Consider these changes in reality; a committee made up of farmers from the county would have nearly unchecked judgment as to whether an applicant possessed the proper farming background, training or experience to succeed and whether that applicant was unable to obtain reasonable credit elsewhere. These same appointed farmers would also have to certify to the applicant’s character and ability to farm. The discretion provided the county committee would have magnified the revisions to eligibility, which had been shifted to all family-sized farmers and ranchers rather than just tenants, laborers and sharecroppers. Even without the prior history of the USDA lending programs, this arrangement in the South would be a real problem for the few remaining Black farmers. After nearly a quarter of a century’s experience with this system, there could have been no confusion about how continuing this arrangement would operate in that region, particularly with the change in emphasis away from the poorest and lowest level of farmers (USCCR 1965; Browne 1973). The results speak for themselves.
From 1937 to 1947, an earlier study found that USDA made $293,876,733 in tenant purchase loans to 47,104 families (Banfield 1949). Adjusted for inflation, this would be the equivalent of more than $3 billion in 2021 dollars. By 1963, USDA’s Farmers Home Administration managed 230,000 borrowers with outstanding debt exceeding $2 billion (USCCR 1965). Adjusted for inflation that debt would be the equivalent of $17 billion in 2021 dollars. While many Black farmers received loans from USDA, the loans were smaller and more often for purposes other than to purchase farmland. Black borrowers also received less technical assistance and supervision. Overall, they received “less in the way of benefits than  white farmers of comparable economic assistance” in spite of the “fact that FHA’s central function is to raise the economic level and increase the opportunities of low-income farm families” (USCCR 1965, at 81). Thirty-two years after the lending programs were created to help farm tenants, laborers and sharecroppers purchase farms, the total number of Black farm operators had fallen below 10 percent of the total number in 1920. By comparison, the number of white farm operators in 1969 was 49 percent of the number in 1920.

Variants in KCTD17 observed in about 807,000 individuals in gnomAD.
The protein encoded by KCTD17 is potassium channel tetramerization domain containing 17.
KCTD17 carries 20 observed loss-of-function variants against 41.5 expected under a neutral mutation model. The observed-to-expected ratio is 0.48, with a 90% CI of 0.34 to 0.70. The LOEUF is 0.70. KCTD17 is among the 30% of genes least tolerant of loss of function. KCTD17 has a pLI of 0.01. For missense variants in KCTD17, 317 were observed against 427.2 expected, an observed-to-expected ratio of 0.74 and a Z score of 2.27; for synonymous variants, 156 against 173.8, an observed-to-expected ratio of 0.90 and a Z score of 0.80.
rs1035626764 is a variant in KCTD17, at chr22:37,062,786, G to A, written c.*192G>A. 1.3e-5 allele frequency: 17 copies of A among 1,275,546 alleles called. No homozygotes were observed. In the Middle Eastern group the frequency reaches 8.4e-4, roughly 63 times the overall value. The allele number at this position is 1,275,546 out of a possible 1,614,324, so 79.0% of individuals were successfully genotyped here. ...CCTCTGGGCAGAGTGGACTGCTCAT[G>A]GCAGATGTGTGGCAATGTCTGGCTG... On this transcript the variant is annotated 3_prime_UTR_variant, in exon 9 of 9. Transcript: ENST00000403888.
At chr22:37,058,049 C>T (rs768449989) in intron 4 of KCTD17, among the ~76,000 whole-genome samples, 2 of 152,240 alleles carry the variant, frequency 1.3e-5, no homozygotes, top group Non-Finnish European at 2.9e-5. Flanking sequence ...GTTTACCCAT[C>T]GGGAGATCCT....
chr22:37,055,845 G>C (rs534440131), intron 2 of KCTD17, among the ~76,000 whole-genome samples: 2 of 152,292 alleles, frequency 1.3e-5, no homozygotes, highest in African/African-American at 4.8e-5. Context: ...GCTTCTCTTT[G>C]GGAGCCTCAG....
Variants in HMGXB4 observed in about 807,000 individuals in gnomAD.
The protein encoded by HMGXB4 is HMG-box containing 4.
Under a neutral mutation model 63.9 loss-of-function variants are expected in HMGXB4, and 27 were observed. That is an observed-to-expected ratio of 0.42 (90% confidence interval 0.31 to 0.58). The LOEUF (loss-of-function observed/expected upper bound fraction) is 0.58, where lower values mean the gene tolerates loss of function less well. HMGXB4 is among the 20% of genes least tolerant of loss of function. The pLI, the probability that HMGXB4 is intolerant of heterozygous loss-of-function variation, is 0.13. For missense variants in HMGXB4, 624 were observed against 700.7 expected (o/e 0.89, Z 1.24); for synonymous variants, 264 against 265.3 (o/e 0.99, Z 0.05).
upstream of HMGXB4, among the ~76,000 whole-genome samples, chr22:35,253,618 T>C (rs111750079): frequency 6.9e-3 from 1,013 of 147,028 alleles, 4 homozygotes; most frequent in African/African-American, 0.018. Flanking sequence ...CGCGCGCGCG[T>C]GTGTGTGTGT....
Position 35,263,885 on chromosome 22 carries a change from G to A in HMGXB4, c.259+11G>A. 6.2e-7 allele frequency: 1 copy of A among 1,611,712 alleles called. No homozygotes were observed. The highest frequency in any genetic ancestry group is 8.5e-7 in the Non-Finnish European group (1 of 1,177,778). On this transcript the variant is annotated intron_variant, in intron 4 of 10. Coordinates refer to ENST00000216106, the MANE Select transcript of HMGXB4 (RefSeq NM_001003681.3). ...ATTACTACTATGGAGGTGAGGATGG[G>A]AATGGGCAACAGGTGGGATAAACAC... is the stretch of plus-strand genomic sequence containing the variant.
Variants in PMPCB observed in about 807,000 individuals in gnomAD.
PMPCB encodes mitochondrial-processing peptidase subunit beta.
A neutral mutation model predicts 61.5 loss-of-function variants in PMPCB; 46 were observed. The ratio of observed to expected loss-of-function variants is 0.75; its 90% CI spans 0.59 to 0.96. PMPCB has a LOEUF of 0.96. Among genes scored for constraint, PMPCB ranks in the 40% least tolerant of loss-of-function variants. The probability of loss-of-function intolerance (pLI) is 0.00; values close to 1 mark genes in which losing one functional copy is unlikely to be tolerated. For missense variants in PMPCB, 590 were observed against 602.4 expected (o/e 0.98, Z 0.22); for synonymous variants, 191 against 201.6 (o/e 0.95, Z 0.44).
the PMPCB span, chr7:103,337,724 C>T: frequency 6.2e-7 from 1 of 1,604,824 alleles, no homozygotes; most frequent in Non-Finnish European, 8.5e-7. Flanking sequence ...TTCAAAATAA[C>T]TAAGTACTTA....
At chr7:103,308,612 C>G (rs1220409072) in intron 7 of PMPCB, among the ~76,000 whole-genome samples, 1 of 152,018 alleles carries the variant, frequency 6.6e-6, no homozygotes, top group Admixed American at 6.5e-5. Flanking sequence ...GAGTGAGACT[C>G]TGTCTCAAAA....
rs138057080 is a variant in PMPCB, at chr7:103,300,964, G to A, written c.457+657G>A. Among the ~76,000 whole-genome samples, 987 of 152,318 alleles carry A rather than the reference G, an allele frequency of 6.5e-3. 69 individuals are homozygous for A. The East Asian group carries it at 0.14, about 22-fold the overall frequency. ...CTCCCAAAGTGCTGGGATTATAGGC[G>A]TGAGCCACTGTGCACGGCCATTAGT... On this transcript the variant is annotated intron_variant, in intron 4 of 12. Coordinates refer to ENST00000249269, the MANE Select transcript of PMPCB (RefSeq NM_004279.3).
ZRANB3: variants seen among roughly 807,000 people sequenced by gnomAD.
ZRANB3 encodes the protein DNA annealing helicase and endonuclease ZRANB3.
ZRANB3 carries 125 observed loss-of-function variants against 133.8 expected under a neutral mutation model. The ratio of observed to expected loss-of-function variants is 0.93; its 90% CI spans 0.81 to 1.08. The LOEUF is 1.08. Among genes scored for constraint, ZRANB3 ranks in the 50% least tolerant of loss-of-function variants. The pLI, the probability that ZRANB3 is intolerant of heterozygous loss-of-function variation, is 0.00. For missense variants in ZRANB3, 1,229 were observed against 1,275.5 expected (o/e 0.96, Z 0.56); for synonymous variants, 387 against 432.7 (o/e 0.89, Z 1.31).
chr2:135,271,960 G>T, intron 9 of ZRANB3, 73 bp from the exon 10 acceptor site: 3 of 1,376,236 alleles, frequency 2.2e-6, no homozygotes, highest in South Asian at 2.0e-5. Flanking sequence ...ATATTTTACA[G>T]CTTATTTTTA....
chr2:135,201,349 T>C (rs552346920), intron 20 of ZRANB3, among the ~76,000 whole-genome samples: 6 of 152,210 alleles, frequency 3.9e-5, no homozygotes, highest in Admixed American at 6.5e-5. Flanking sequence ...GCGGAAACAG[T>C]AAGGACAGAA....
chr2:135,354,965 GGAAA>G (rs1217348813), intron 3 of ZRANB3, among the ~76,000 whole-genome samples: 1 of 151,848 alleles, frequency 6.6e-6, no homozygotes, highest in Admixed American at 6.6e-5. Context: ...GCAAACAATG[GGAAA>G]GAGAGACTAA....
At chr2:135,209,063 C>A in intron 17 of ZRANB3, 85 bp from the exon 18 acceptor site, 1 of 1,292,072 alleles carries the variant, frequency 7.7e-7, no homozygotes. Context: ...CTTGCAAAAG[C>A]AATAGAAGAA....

Any analysis will find it difficult to disentangle the impact of the USDA lending programs from those of the Great Depression and World War II, as well as from the troubling discrimination, segregation and violence of the Jim Crow South; individual human stories something more than horrendous (see e.g., Conrad 1965; Baldwin 1968; Daniel 1972; Daniel 2013; Wilkerson 2010; Wilkerson 2020). The programs of farm policy, including the farm purchase and operating loans, most certainly contributed and that contribution was no accident. Southern Members of Congress were products and protectors of the segregated system, they designed the lending programs to help primarily white farmers, tenants and sharecroppers. USDA officials, especially the farmers appointed to county committees, more than complied with that Congressional intent. Devolution to local decision makers, reinforced by officials elected and appointed, was a method tried and proven to be effective (USCCR 1965; USCCR 1982; Bensel 1984; Katznelson 2013). The USDA programs were an exemplar, not an exception.